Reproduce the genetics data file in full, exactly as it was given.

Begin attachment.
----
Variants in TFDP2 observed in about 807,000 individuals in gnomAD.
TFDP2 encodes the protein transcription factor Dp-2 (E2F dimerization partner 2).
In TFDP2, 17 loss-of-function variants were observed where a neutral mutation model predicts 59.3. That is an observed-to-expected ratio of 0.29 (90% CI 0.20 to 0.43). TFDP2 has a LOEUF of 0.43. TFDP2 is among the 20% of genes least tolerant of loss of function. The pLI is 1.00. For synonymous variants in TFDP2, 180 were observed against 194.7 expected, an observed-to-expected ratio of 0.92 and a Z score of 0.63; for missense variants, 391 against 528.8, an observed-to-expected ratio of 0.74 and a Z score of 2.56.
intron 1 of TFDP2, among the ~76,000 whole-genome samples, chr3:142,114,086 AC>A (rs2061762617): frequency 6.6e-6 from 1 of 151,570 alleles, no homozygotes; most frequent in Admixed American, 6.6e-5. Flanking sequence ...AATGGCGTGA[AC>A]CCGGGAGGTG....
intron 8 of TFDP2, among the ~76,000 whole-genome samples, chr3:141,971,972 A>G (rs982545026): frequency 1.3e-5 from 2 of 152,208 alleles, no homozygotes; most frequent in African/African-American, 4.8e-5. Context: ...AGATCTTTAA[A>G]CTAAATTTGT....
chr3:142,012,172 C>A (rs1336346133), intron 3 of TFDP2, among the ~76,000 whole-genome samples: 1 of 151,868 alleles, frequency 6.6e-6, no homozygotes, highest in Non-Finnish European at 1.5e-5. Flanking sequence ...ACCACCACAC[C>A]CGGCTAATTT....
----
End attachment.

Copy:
Variants in TFDP2 observed in about 807,000 individuals in gnomAD.
TFDP2 encodes the protein transcription factor Dp-2 (E2F dimerization partner 2).
In TFDP2, 17 loss-of-function variants were observed where a neutral mutation model predicts 59.3. That is an observed-to-expected ratio of 0.29 (90% CI 0.20 to 0.43). TFDP2 has a LOEUF of 0.43. TFDP2 is among the 20% of genes least tolerant of loss of function. The pLI is 1.00. For synonymous variants in TFDP2, 180 were observed against 194.7 expected, an observed-to-expected ratio of 0.92 and a Z score of 0.63; for missense variants, 391 against 528.8, an observed-to-expected ratio of 0.74 and a Z score of 2.56.
intron 1 of TFDP2, among the ~76,000 whole-genome samples, chr3:142,114,086 AC>A (rs2061762617): frequency 6.6e-6 from 1 of 151,570 alleles, no homozygotes; most frequent in Admixed American, 6.6e-5. Flanking sequence ...AATGGCGTGA[AC>A]CCGGGAGGTG....
intron 8 of TFDP2, among the ~76,000 whole-genome samples, chr3:141,971,972 A>G (rs982545026): frequency 1.3e-5 from 2 of 152,208 alleles, no homozygotes; most frequent in African/African-American, 4.8e-5. Context: ...AGATCTTTAA[A>G]CTAAATTTGT....
chr3:142,012,172 C>A (rs1336346133), intron 3 of TFDP2, among the ~76,000 whole-genome samples: 1 of 151,868 alleles, frequency 6.6e-6, no homozygotes, highest in Non-Finnish European at 1.5e-5. Flanking sequence ...ACCACCACAC[C>A]CGGCTAATTT....